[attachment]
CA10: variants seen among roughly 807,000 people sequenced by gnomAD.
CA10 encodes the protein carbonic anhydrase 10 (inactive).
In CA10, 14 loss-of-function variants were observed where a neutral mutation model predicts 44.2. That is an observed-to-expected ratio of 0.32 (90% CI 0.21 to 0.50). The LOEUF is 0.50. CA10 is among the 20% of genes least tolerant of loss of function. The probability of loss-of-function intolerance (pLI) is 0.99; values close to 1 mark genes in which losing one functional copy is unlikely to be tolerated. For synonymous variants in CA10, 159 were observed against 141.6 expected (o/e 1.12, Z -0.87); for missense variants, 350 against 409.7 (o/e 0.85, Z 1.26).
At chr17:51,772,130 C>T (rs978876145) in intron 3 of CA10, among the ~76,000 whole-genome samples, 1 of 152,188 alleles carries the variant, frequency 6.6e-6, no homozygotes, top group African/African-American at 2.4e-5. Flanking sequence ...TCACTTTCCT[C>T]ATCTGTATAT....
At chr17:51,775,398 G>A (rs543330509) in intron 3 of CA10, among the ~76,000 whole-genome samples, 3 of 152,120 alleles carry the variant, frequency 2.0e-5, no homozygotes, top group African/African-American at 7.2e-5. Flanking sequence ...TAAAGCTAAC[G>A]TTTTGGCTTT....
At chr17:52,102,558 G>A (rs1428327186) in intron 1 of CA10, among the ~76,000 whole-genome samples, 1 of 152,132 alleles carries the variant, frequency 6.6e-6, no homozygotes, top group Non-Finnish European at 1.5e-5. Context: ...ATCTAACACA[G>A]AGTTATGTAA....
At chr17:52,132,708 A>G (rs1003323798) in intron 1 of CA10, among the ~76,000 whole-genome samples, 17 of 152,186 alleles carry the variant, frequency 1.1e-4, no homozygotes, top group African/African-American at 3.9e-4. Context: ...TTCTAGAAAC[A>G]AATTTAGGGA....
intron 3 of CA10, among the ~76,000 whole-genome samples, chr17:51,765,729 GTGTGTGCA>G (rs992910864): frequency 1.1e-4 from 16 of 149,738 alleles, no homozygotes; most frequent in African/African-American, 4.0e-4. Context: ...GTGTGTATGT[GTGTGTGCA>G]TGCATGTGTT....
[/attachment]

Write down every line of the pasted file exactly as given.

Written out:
CA10: variants seen among roughly 807,000 people sequenced by gnomAD.
CA10 encodes the protein carbonic anhydrase 10 (inactive).
In CA10, 14 loss-of-function variants were observed where a neutral mutation model predicts 44.2. That is an observed-to-expected ratio of 0.32 (90% CI 0.21 to 0.50). The LOEUF is 0.50. CA10 is among the 20% of genes least tolerant of loss of function. The probability of loss-of-function intolerance (pLI) is 0.99; values close to 1 mark genes in which losing one functional copy is unlikely to be tolerated. For synonymous variants in CA10, 159 were observed against 141.6 expected (o/e 1.12, Z -0.87); for missense variants, 350 against 409.7 (o/e 0.85, Z 1.26).
At chr17:51,772,130 C>T (rs978876145) in intron 3 of CA10, among the ~76,000 whole-genome samples, 1 of 152,188 alleles carries the variant, frequency 6.6e-6, no homozygotes, top group African/African-American at 2.4e-5. Flanking sequence ...TCACTTTCCT[C>T]ATCTGTATAT....
At chr17:51,775,398 G>A (rs543330509) in intron 3 of CA10, among the ~76,000 whole-genome samples, 3 of 152,120 alleles carry the variant, frequency 2.0e-5, no homozygotes, top group African/African-American at 7.2e-5. Flanking sequence ...TAAAGCTAAC[G>A]TTTTGGCTTT....
At chr17:52,102,558 G>A (rs1428327186) in intron 1 of CA10, among the ~76,000 whole-genome samples, 1 of 152,132 alleles carries the variant, frequency 6.6e-6, no homozygotes, top group Non-Finnish European at 1.5e-5. Context: ...ATCTAACACA[G>A]AGTTATGTAA....
At chr17:52,132,708 A>G (rs1003323798) in intron 1 of CA10, among the ~76,000 whole-genome samples, 17 of 152,186 alleles carry the variant, frequency 1.1e-4, no homozygotes, top group African/African-American at 3.9e-4. Context: ...TTCTAGAAAC[A>G]AATTTAGGGA....
intron 3 of CA10, among the ~76,000 whole-genome samples, chr17:51,765,729 GTGTGTGCA>G (rs992910864): frequency 1.1e-4 from 16 of 149,738 alleles, no homozygotes; most frequent in African/African-American, 4.0e-4. Context: ...GTGTGTATGT[GTGTGTGCA>G]TGCATGTGTT....